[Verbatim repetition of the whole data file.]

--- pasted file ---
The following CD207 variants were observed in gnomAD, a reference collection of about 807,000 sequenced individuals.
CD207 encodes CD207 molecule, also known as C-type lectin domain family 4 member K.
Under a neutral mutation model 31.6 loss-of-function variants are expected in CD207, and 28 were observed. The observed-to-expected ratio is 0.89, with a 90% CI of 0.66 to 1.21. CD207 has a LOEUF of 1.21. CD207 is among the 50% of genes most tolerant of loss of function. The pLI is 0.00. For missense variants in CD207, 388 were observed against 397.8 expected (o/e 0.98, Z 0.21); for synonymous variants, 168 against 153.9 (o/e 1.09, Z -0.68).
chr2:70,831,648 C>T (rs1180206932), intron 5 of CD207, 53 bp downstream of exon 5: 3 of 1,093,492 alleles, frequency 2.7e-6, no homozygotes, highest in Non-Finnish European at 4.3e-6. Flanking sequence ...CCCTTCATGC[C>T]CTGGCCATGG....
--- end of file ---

The following CD207 variants were observed in gnomAD, a reference collection of about 807,000 sequenced individuals.
CD207 encodes CD207 molecule, also known as C-type lectin domain family 4 member K.
Under a neutral mutation model 31.6 loss-of-function variants are expected in CD207, and 28 were observed. The observed-to-expected ratio is 0.89, with a 90% CI of 0.66 to 1.21. CD207 has a LOEUF of 1.21. CD207 is among the 50% of genes most tolerant of loss of function. The pLI is 0.00. For missense variants in CD207, 388 were observed against 397.8 expected (o/e 0.98, Z 0.21); for synonymous variants, 168 against 153.9 (o/e 1.09, Z -0.68).
chr2:70,831,648 C>T (rs1180206932), intron 5 of CD207, 53 bp downstream of exon 5: 3 of 1,093,492 alleles, frequency 2.7e-6, no homozygotes, highest in Non-Finnish European at 4.3e-6. Flanking sequence ...CCCTTCATGC[C>T]CTGGCCATGG....